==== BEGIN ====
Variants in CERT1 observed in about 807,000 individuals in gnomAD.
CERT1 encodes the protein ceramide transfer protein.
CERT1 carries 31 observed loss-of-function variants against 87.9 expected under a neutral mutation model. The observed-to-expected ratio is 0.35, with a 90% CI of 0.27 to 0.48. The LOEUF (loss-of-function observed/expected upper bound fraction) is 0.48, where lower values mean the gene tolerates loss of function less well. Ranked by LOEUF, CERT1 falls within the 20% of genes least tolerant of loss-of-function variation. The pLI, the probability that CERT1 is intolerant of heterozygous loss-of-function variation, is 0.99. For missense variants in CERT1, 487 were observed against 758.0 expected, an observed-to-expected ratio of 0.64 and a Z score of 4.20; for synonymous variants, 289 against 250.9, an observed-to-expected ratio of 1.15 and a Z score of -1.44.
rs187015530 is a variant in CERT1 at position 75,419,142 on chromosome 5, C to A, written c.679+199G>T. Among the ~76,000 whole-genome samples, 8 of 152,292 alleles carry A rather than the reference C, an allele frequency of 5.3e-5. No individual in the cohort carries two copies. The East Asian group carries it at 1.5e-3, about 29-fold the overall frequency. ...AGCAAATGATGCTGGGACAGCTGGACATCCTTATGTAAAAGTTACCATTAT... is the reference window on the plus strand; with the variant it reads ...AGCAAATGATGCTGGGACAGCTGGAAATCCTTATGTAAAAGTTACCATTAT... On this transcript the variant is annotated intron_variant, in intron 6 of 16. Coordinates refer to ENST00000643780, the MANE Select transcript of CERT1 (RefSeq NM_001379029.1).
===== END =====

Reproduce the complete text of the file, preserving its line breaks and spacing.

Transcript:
Variants in CERT1 observed in about 807,000 individuals in gnomAD.
CERT1 encodes the protein ceramide transfer protein.
CERT1 carries 31 observed loss-of-function variants against 87.9 expected under a neutral mutation model. The observed-to-expected ratio is 0.35, with a 90% CI of 0.27 to 0.48. The LOEUF (loss-of-function observed/expected upper bound fraction) is 0.48, where lower values mean the gene tolerates loss of function less well. Ranked by LOEUF, CERT1 falls within the 20% of genes least tolerant of loss-of-function variation. The pLI, the probability that CERT1 is intolerant of heterozygous loss-of-function variation, is 0.99. For missense variants in CERT1, 487 were observed against 758.0 expected, an observed-to-expected ratio of 0.64 and a Z score of 4.20; for synonymous variants, 289 against 250.9, an observed-to-expected ratio of 1.15 and a Z score of -1.44.
rs187015530 is a variant in CERT1 at position 75,419,142 on chromosome 5, C to A, written c.679+199G>T. Among the ~76,000 whole-genome samples, 8 of 152,292 alleles carry A rather than the reference C, an allele frequency of 5.3e-5. No individual in the cohort carries two copies. The East Asian group carries it at 1.5e-3, about 29-fold the overall frequency. ...AGCAAATGATGCTGGGACAGCTGGACATCCTTATGTAAAAGTTACCATTAT... is the reference window on the plus strand; with the variant it reads ...AGCAAATGATGCTGGGACAGCTGGAAATCCTTATGTAAAAGTTACCATTAT... On this transcript the variant is annotated intron_variant, in intron 6 of 16. Coordinates refer to ENST00000643780, the MANE Select transcript of CERT1 (RefSeq NM_001379029.1).